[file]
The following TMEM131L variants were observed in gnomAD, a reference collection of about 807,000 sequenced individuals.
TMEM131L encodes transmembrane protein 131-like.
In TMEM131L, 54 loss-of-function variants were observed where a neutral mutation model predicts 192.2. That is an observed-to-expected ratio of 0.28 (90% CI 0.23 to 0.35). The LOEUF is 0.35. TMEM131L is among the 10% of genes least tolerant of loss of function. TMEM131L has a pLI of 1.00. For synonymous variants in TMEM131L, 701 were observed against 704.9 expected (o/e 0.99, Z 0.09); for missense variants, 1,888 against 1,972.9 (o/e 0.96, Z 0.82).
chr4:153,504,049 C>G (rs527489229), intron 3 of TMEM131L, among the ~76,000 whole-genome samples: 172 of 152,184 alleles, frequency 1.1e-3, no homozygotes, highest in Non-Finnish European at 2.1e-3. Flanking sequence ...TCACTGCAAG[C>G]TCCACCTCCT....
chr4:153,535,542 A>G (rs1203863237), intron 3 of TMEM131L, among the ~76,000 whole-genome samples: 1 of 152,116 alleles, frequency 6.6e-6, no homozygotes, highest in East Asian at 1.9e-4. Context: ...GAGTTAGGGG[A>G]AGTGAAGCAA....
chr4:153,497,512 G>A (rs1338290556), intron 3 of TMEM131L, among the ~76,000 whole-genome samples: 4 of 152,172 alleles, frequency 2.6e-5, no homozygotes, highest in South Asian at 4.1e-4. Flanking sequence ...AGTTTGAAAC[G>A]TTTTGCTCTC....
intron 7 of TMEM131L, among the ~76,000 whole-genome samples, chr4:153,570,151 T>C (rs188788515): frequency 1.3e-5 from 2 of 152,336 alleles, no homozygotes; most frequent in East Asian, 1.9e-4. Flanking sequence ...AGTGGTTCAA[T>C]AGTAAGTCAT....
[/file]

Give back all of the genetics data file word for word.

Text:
The following TMEM131L variants were observed in gnomAD, a reference collection of about 807,000 sequenced individuals.
TMEM131L encodes transmembrane protein 131-like.
In TMEM131L, 54 loss-of-function variants were observed where a neutral mutation model predicts 192.2. That is an observed-to-expected ratio of 0.28 (90% CI 0.23 to 0.35). The LOEUF is 0.35. TMEM131L is among the 10% of genes least tolerant of loss of function. TMEM131L has a pLI of 1.00. For synonymous variants in TMEM131L, 701 were observed against 704.9 expected (o/e 0.99, Z 0.09); for missense variants, 1,888 against 1,972.9 (o/e 0.96, Z 0.82).
chr4:153,504,049 C>G (rs527489229), intron 3 of TMEM131L, among the ~76,000 whole-genome samples: 172 of 152,184 alleles, frequency 1.1e-3, no homozygotes, highest in Non-Finnish European at 2.1e-3. Flanking sequence ...TCACTGCAAG[C>G]TCCACCTCCT....
chr4:153,535,542 A>G (rs1203863237), intron 3 of TMEM131L, among the ~76,000 whole-genome samples: 1 of 152,116 alleles, frequency 6.6e-6, no homozygotes, highest in East Asian at 1.9e-4. Context: ...GAGTTAGGGG[A>G]AGTGAAGCAA....
chr4:153,497,512 G>A (rs1338290556), intron 3 of TMEM131L, among the ~76,000 whole-genome samples: 4 of 152,172 alleles, frequency 2.6e-5, no homozygotes, highest in South Asian at 4.1e-4. Flanking sequence ...AGTTTGAAAC[G>A]TTTTGCTCTC....
intron 7 of TMEM131L, among the ~76,000 whole-genome samples, chr4:153,570,151 T>C (rs188788515): frequency 1.3e-5 from 2 of 152,336 alleles, no homozygotes; most frequent in East Asian, 1.9e-4. Flanking sequence ...AGTGGTTCAA[T>C]AGTAAGTCAT....